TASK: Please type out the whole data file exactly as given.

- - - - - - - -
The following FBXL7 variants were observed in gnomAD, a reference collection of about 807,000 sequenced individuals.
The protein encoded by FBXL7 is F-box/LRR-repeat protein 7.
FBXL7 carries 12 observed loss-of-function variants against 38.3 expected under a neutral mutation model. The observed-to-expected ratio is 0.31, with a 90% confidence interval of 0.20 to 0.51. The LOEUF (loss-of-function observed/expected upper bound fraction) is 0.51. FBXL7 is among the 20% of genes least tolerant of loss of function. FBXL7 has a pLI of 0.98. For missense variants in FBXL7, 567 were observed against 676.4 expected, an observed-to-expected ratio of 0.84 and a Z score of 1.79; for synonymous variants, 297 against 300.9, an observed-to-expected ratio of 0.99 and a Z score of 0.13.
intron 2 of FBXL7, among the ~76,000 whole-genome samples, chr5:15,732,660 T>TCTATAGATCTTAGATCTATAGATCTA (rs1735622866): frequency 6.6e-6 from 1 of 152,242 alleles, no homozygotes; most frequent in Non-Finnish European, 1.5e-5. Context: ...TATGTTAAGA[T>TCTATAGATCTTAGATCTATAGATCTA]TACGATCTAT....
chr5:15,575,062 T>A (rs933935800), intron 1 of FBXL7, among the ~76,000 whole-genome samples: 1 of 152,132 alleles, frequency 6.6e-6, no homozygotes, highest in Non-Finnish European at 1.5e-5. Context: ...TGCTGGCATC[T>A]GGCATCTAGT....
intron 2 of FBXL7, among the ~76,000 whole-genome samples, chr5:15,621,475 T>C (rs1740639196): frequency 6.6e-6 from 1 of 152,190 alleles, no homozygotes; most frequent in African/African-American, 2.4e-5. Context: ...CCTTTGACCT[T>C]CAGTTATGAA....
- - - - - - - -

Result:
The following FBXL7 variants were observed in gnomAD, a reference collection of about 807,000 sequenced individuals.
The protein encoded by FBXL7 is F-box/LRR-repeat protein 7.
FBXL7 carries 12 observed loss-of-function variants against 38.3 expected under a neutral mutation model. The observed-to-expected ratio is 0.31, with a 90% confidence interval of 0.20 to 0.51. The LOEUF (loss-of-function observed/expected upper bound fraction) is 0.51. FBXL7 is among the 20% of genes least tolerant of loss of function. FBXL7 has a pLI of 0.98. For missense variants in FBXL7, 567 were observed against 676.4 expected, an observed-to-expected ratio of 0.84 and a Z score of 1.79; for synonymous variants, 297 against 300.9, an observed-to-expected ratio of 0.99 and a Z score of 0.13.
intron 2 of FBXL7, among the ~76,000 whole-genome samples, chr5:15,732,660 T>TCTATAGATCTTAGATCTATAGATCTA (rs1735622866): frequency 6.6e-6 from 1 of 152,242 alleles, no homozygotes; most frequent in Non-Finnish European, 1.5e-5. Context: ...TATGTTAAGA[T>TCTATAGATCTTAGATCTATAGATCTA]TACGATCTAT....
chr5:15,575,062 T>A (rs933935800), intron 1 of FBXL7, among the ~76,000 whole-genome samples: 1 of 152,132 alleles, frequency 6.6e-6, no homozygotes, highest in Non-Finnish European at 1.5e-5. Context: ...TGCTGGCATC[T>A]GGCATCTAGT....
intron 2 of FBXL7, among the ~76,000 whole-genome samples, chr5:15,621,475 T>C (rs1740639196): frequency 6.6e-6 from 1 of 152,190 alleles, no homozygotes; most frequent in African/African-American, 2.4e-5. Context: ...CCTTTGACCT[T>C]CAGTTATGAA....